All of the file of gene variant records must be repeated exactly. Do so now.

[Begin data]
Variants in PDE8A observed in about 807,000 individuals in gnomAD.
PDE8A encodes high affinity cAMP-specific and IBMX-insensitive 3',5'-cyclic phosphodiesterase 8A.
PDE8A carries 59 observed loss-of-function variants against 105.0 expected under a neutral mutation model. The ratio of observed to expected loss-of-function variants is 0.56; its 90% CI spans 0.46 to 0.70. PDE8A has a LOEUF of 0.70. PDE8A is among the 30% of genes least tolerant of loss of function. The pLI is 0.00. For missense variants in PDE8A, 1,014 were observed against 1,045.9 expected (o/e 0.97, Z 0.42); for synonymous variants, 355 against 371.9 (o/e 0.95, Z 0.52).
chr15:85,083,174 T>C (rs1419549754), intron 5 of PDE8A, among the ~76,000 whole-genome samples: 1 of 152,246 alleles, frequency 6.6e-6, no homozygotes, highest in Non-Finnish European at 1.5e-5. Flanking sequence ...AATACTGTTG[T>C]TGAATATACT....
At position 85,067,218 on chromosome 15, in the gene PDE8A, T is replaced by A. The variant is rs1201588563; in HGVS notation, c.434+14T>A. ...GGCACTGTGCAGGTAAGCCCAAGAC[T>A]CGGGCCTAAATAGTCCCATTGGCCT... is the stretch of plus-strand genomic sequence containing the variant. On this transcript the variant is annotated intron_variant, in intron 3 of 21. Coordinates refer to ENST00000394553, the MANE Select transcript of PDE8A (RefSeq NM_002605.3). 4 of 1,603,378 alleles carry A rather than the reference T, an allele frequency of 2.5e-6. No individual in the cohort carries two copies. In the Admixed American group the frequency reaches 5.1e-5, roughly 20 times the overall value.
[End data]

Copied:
Variants in PDE8A observed in about 807,000 individuals in gnomAD.
PDE8A encodes high affinity cAMP-specific and IBMX-insensitive 3',5'-cyclic phosphodiesterase 8A.
PDE8A carries 59 observed loss-of-function variants against 105.0 expected under a neutral mutation model. The ratio of observed to expected loss-of-function variants is 0.56; its 90% CI spans 0.46 to 0.70. PDE8A has a LOEUF of 0.70. PDE8A is among the 30% of genes least tolerant of loss of function. The pLI is 0.00. For missense variants in PDE8A, 1,014 were observed against 1,045.9 expected (o/e 0.97, Z 0.42); for synonymous variants, 355 against 371.9 (o/e 0.95, Z 0.52).
chr15:85,083,174 T>C (rs1419549754), intron 5 of PDE8A, among the ~76,000 whole-genome samples: 1 of 152,246 alleles, frequency 6.6e-6, no homozygotes, highest in Non-Finnish European at 1.5e-5. Flanking sequence ...AATACTGTTG[T>C]TGAATATACT....
At position 85,067,218 on chromosome 15, in the gene PDE8A, T is replaced by A. The variant is rs1201588563; in HGVS notation, c.434+14T>A. ...GGCACTGTGCAGGTAAGCCCAAGAC[T>A]CGGGCCTAAATAGTCCCATTGGCCT... is the stretch of plus-strand genomic sequence containing the variant. On this transcript the variant is annotated intron_variant, in intron 3 of 21. Coordinates refer to ENST00000394553, the MANE Select transcript of PDE8A (RefSeq NM_002605.3). 4 of 1,603,378 alleles carry A rather than the reference T, an allele frequency of 2.5e-6. No individual in the cohort carries two copies. In the Admixed American group the frequency reaches 5.1e-5, roughly 20 times the overall value.